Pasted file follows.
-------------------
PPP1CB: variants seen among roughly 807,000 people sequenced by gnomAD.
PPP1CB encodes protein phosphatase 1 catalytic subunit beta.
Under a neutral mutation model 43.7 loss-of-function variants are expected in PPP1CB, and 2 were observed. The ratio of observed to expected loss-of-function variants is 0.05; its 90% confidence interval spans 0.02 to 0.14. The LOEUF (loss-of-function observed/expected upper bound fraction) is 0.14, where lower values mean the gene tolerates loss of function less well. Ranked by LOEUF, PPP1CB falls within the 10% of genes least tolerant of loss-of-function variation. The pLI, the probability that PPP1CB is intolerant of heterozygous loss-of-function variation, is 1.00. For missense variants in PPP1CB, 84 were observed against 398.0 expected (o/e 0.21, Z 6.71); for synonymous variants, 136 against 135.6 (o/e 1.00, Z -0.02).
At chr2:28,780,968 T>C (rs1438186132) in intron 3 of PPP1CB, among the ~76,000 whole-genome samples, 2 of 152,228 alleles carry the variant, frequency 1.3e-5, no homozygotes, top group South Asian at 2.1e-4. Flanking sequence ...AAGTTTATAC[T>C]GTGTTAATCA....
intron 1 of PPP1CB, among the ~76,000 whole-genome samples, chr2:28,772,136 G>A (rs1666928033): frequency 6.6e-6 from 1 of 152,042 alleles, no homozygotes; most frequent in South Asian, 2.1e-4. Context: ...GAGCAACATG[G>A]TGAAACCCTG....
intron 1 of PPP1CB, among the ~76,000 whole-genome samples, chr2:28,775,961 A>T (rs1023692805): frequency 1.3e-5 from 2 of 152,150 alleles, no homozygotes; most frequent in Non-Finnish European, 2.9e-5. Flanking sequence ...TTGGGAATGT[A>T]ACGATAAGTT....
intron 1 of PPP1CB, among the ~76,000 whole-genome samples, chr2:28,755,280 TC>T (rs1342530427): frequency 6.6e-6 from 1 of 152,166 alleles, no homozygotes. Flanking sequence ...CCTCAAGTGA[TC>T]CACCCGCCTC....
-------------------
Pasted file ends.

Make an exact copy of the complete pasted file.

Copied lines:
PPP1CB: variants seen among roughly 807,000 people sequenced by gnomAD.
PPP1CB encodes protein phosphatase 1 catalytic subunit beta.
Under a neutral mutation model 43.7 loss-of-function variants are expected in PPP1CB, and 2 were observed. The ratio of observed to expected loss-of-function variants is 0.05; its 90% confidence interval spans 0.02 to 0.14. The LOEUF (loss-of-function observed/expected upper bound fraction) is 0.14, where lower values mean the gene tolerates loss of function less well. Ranked by LOEUF, PPP1CB falls within the 10% of genes least tolerant of loss-of-function variation. The pLI, the probability that PPP1CB is intolerant of heterozygous loss-of-function variation, is 1.00. For missense variants in PPP1CB, 84 were observed against 398.0 expected (o/e 0.21, Z 6.71); for synonymous variants, 136 against 135.6 (o/e 1.00, Z -0.02).
At chr2:28,780,968 T>C (rs1438186132) in intron 3 of PPP1CB, among the ~76,000 whole-genome samples, 2 of 152,228 alleles carry the variant, frequency 1.3e-5, no homozygotes, top group South Asian at 2.1e-4. Flanking sequence ...AAGTTTATAC[T>C]GTGTTAATCA....
intron 1 of PPP1CB, among the ~76,000 whole-genome samples, chr2:28,772,136 G>A (rs1666928033): frequency 6.6e-6 from 1 of 152,042 alleles, no homozygotes; most frequent in South Asian, 2.1e-4. Context: ...GAGCAACATG[G>A]TGAAACCCTG....
intron 1 of PPP1CB, among the ~76,000 whole-genome samples, chr2:28,775,961 A>T (rs1023692805): frequency 1.3e-5 from 2 of 152,150 alleles, no homozygotes; most frequent in Non-Finnish European, 2.9e-5. Flanking sequence ...TTGGGAATGT[A>T]ACGATAAGTT....
intron 1 of PPP1CB, among the ~76,000 whole-genome samples, chr2:28,755,280 TC>T (rs1342530427): frequency 6.6e-6 from 1 of 152,166 alleles, no homozygotes. Flanking sequence ...CCTCAAGTGA[TC>T]CACCCGCCTC....